On lp Folksongs And Ballads From Virginia, while it's basically an Irish nursery rhyme about a prodigal son. What was written as a temperance song, turned out one of the loudest sing-alongs imaginable. Popularity among Irish (and even far beyond) can be measured in parodies circulating galore.
Sam Larner [seaman from Norfolk (°1878) who became a folk icon; from his album Now Is The Time For Fishing, recorded by Ewan MacColl & Peggy Seeger]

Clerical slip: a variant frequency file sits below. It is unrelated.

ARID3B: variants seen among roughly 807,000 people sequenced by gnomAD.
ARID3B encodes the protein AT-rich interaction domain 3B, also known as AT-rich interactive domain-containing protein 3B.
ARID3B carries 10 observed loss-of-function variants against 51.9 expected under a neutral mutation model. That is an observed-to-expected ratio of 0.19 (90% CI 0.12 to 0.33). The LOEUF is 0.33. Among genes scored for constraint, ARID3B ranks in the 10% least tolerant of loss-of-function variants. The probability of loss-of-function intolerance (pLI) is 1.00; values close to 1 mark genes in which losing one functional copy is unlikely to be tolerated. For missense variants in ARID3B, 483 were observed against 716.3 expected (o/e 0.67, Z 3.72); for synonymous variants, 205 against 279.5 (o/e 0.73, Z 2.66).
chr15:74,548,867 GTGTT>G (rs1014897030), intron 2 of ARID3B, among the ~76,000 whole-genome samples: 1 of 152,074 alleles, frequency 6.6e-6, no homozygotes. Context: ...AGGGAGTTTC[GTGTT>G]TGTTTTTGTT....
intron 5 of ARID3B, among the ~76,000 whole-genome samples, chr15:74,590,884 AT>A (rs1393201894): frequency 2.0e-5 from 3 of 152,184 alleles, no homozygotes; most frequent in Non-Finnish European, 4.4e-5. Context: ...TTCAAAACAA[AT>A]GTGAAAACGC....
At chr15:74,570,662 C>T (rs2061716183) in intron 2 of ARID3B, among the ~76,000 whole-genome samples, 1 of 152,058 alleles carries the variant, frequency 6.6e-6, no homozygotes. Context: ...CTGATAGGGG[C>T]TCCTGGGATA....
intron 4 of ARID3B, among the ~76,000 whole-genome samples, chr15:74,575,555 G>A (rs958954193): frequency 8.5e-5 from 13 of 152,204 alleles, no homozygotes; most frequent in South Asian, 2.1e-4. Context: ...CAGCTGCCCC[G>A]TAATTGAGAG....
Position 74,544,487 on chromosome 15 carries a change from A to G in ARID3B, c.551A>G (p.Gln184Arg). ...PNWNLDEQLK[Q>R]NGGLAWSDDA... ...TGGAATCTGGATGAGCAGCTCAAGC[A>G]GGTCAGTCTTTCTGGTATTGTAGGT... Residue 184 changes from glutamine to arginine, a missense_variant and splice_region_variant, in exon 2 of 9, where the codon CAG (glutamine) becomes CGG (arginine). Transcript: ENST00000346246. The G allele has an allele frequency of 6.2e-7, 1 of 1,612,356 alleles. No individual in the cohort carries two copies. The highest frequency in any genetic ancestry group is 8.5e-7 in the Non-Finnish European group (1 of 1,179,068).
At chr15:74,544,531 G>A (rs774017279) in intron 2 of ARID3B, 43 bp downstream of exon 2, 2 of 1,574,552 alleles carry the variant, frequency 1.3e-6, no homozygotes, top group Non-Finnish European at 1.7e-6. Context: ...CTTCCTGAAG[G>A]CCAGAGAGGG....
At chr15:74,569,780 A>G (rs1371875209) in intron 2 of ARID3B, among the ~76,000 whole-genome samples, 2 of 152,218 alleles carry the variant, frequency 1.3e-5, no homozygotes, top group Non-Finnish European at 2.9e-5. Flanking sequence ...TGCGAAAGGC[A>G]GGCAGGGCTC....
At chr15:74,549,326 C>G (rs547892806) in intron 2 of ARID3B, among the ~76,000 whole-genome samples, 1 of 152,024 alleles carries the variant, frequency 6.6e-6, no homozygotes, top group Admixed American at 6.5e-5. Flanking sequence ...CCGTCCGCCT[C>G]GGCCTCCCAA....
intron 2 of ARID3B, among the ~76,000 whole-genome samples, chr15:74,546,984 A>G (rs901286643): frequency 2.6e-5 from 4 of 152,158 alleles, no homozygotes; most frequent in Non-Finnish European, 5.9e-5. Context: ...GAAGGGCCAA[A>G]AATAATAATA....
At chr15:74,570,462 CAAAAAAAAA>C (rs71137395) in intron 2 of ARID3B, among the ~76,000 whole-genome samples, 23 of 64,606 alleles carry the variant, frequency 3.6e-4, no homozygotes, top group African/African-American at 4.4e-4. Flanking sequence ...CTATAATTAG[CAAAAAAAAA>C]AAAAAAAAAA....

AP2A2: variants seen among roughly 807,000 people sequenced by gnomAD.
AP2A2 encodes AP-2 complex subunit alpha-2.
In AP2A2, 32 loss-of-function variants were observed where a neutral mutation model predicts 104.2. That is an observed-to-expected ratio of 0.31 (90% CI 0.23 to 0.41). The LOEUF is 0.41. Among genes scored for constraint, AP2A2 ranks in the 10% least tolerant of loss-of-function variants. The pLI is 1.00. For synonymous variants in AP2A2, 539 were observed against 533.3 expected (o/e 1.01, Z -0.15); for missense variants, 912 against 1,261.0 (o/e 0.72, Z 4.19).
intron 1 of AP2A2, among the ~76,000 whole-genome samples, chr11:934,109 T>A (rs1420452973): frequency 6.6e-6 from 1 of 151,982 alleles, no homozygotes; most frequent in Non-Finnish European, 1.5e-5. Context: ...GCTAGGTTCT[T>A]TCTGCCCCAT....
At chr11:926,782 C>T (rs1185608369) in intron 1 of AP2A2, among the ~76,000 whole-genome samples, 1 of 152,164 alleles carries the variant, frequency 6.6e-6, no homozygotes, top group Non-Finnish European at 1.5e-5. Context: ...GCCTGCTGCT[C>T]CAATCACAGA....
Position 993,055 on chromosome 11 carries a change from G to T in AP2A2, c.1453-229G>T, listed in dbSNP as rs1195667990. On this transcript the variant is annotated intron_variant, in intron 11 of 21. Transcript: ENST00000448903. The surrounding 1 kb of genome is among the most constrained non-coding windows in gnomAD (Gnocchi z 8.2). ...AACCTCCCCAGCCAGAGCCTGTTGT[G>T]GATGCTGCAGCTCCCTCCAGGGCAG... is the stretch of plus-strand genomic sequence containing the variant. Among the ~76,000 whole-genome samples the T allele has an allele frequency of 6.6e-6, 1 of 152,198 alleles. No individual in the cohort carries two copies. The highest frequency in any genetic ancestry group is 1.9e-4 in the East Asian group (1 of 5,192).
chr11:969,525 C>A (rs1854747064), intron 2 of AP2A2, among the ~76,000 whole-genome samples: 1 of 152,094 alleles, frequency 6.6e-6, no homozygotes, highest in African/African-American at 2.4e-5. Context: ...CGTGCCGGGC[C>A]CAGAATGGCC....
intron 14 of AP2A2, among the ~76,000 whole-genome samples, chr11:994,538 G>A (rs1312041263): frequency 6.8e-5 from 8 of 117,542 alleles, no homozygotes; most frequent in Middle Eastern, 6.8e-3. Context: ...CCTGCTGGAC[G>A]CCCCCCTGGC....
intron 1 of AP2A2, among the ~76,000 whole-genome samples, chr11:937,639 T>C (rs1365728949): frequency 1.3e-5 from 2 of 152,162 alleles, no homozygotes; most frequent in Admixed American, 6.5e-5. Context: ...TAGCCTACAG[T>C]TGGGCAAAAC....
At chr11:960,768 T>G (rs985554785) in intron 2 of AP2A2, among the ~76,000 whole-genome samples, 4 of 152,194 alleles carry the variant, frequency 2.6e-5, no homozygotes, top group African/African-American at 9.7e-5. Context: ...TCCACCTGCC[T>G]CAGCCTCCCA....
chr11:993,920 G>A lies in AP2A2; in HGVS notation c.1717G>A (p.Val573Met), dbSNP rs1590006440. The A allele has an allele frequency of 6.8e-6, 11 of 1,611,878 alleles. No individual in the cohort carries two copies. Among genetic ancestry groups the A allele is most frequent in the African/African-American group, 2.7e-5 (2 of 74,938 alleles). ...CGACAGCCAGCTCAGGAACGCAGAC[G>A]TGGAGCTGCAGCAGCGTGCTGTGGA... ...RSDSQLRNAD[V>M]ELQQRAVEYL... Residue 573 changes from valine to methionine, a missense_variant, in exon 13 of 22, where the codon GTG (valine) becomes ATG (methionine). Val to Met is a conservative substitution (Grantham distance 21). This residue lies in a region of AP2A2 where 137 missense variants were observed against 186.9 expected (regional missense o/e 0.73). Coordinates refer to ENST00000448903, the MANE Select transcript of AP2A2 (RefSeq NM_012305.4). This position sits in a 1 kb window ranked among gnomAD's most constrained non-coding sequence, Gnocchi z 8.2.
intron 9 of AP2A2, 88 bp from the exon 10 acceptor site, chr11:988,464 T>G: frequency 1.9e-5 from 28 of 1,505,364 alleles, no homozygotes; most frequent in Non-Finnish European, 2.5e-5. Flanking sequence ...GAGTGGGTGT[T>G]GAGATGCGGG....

William Clauson [parody as Wild Rover No More; ever so popular version: "And it's no nay never, (lift up your skirt), No nay never no more, will I play the Wild Rover no more"]
Gebroeders Grimm [as Ammenooitneenooitniet]
Klaus Und Klaus [hit GER as An der Nordseeküste]
W.J. Bothacount III [also as Wild Rover No More (different lyrics, same attitude)]
Patrick Street [idem]
British folklorist Seamus Ennis collected many versions in the early fifties, ending up in archives.